Initial jobless claims for the week ending February 11 fell to the lowest numbers in four years, a sign that employees are in greater demand than previous months and that business in the private sector is growing.

Last week, 348,000 people filed for unemployment. The last time these figures fell below 350,000 was September 2008, according to the Department of Labor.  These claims numbers were adjusted to account for seasonal trends in employment.

Jobless claims generally rise in the fourth quarter when employers reevaluate staffing needs and fall in the first quarter. Remarkably, these claims fell in both the fourth and first quarters bucking typical seasonal patterns, said John Herrmann, chief economist at Herrmann Forecasting. “What that means is that the underlying job environment is much healthier than what people had expected,” said Herrmann.

In comparison to the consensus estimate of 365,000, which was based on a Bloomberg survey of dozens of economists, the number of actual recorded claims showed a much sharper decline.  While these reports, are widely considered more erratic than similar measures recorded over longer periods, such as the Bureau of Labor and Statistics’ monthly household survey, the fact that these numbers have been declining for the last three weeks makes the downward trend more believable.

The 4-week moving average, which is seen as a more reliable indicator than the weekly claims figure, also showed a modest decline from 367,000 the week prior (Feb. 4) to 365, 250 claims (Feb. 11).  Like the claims numbers, the moving average is seasonally adjusted.

“This is cutting edge good news,” said Robert Brusca, chief economist at FAO Economics. The fact that numbers are “well-behaved”, showing a steady decline of 13,000 fewer claims than the week prior, (the week ending Feb 4.) instead of a more dramatic drop, actually makes the marker more credible.  “Nobody can quite understand why the jobs market would be improving and so everybody wants to deny it, but the facts relating to the job market from a variety of indicators using a variety of methods are pretty clear about what they’re saying.”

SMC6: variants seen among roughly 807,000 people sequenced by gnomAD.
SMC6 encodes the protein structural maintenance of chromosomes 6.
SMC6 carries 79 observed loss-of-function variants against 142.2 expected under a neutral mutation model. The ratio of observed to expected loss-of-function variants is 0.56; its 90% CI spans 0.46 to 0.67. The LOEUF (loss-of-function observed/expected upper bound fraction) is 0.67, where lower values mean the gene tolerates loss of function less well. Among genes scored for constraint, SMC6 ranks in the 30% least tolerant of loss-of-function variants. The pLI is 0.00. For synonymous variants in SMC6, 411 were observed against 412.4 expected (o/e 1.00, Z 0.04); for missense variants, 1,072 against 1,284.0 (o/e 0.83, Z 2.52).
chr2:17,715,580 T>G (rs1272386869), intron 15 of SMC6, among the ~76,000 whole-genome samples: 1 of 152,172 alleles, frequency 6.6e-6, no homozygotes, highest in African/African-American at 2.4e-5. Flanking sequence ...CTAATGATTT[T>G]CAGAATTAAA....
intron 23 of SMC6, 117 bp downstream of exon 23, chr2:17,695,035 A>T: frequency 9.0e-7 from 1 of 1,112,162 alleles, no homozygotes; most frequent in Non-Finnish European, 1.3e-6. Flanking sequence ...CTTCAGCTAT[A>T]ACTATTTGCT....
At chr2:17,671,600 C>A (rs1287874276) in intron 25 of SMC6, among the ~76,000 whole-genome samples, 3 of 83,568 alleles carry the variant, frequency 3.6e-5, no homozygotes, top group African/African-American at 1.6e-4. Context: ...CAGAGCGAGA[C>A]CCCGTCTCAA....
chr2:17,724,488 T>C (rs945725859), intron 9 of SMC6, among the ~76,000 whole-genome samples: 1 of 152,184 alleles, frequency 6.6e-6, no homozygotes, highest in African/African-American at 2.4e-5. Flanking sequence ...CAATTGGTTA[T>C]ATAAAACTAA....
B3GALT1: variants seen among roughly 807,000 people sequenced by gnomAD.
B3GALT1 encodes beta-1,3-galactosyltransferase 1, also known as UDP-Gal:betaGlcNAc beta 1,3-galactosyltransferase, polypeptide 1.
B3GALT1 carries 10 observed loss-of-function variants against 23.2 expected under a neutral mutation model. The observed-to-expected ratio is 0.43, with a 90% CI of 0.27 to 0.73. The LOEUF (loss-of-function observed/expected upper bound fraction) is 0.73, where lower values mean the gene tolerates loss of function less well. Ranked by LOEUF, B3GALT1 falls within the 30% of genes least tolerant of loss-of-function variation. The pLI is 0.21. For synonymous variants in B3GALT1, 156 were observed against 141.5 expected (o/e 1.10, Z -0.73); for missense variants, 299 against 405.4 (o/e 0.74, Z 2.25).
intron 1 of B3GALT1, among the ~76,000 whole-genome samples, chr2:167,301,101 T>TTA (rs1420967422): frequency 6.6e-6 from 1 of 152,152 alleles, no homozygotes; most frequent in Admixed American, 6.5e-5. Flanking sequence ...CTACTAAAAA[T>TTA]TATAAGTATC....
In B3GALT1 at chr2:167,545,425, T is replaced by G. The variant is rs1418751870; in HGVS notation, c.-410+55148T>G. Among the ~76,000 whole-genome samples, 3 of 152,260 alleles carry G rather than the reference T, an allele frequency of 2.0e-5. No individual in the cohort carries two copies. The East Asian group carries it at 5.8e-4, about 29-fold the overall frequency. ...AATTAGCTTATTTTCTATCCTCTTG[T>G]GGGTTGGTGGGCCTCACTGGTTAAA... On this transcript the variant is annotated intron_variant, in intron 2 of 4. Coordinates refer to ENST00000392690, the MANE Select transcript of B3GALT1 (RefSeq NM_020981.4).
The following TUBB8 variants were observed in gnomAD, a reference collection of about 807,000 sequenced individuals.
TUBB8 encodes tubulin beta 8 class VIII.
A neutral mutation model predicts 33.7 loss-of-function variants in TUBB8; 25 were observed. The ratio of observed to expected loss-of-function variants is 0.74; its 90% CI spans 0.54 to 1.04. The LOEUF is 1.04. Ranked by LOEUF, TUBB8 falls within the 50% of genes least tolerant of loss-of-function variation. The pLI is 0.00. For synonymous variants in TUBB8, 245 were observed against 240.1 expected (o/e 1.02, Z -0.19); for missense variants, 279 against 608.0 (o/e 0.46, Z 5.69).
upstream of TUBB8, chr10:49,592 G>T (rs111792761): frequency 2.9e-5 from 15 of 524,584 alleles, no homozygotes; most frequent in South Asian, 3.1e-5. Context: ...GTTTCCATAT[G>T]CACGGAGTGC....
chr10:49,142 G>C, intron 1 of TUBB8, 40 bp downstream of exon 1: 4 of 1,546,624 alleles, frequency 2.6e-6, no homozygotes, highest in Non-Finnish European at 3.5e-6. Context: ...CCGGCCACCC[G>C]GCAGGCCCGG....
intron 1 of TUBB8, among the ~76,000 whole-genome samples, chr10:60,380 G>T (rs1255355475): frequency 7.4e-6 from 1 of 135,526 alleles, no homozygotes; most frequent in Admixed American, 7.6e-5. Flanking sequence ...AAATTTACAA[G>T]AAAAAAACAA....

Putting the weekly claims figure of 348,000 in context, “a level around 300,000 is pretty normal for the U.S.,” said David Semmens, US Economist at the London-based Standard Chartered Bank. And while Semmens called the report “promising,” he is wary of being overconfident. “You really want to see the four-week moving average moving below that point [of 350,000] and then staying below that point, because just six weeks ago we were above the 400 mark,” said Semmens.

Since the recession began, 8.8 Million people have lost their jobs and in the private sector only 41 percent of those jobs have been recovered, said Herrmann.

As the labor market grows, we will see a positive shift in those economic indicators—such as consumer confidence—that have made some economists skeptical about a recovery, said Brusco.  “[I]f people have jobs, they have income and if they can spend then they will spend.  And if they spend that will underpin the economy and then we’ll have a reason to have more job growth,” he said.

Government support is critical to this cycle. If we have the continued support from the Federal Reserve and if payroll tax cuts remain in place, the market could average 160 to 175,000 new jobs per month this year and 200,000, next year, said Herrmann.  According to his estimates, this would allow the labor market to recover 80 percent of lost jobs.  “The idea is not just to recover all the jobs lost but then to create an environment that promotes job growth past that point as we go forward,” said Herrmann. By harnessing the momentum of the government’s support even as it’s withdrawn, businesses could recoup the final 20 percent of jobs on their own.

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